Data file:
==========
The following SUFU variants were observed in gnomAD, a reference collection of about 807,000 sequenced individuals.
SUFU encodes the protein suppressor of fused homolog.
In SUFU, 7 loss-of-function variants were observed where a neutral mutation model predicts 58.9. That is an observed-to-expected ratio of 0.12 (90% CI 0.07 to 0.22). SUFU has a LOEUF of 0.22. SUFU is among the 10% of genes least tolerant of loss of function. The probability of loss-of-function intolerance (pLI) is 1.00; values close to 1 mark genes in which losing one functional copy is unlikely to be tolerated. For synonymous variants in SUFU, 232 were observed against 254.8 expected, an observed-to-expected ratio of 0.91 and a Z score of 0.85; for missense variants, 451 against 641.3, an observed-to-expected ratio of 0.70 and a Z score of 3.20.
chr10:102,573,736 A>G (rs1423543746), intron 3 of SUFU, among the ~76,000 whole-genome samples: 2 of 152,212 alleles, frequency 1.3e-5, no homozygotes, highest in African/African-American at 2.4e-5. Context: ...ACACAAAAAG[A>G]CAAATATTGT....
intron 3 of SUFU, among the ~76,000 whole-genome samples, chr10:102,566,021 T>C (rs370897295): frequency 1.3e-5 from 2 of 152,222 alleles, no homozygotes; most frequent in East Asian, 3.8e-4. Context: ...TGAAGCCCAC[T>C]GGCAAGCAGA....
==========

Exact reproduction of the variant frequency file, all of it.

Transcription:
The following SUFU variants were observed in gnomAD, a reference collection of about 807,000 sequenced individuals.
SUFU encodes the protein suppressor of fused homolog.
In SUFU, 7 loss-of-function variants were observed where a neutral mutation model predicts 58.9. That is an observed-to-expected ratio of 0.12 (90% CI 0.07 to 0.22). SUFU has a LOEUF of 0.22. SUFU is among the 10% of genes least tolerant of loss of function. The probability of loss-of-function intolerance (pLI) is 1.00; values close to 1 mark genes in which losing one functional copy is unlikely to be tolerated. For synonymous variants in SUFU, 232 were observed against 254.8 expected, an observed-to-expected ratio of 0.91 and a Z score of 0.85; for missense variants, 451 against 641.3, an observed-to-expected ratio of 0.70 and a Z score of 3.20.
chr10:102,573,736 A>G (rs1423543746), intron 3 of SUFU, among the ~76,000 whole-genome samples: 2 of 152,212 alleles, frequency 1.3e-5, no homozygotes, highest in African/African-American at 2.4e-5. Context: ...ACACAAAAAG[A>G]CAAATATTGT....
intron 3 of SUFU, among the ~76,000 whole-genome samples, chr10:102,566,021 T>C (rs370897295): frequency 1.3e-5 from 2 of 152,222 alleles, no homozygotes; most frequent in East Asian, 3.8e-4. Context: ...TGAAGCCCAC[T>C]GGCAAGCAGA....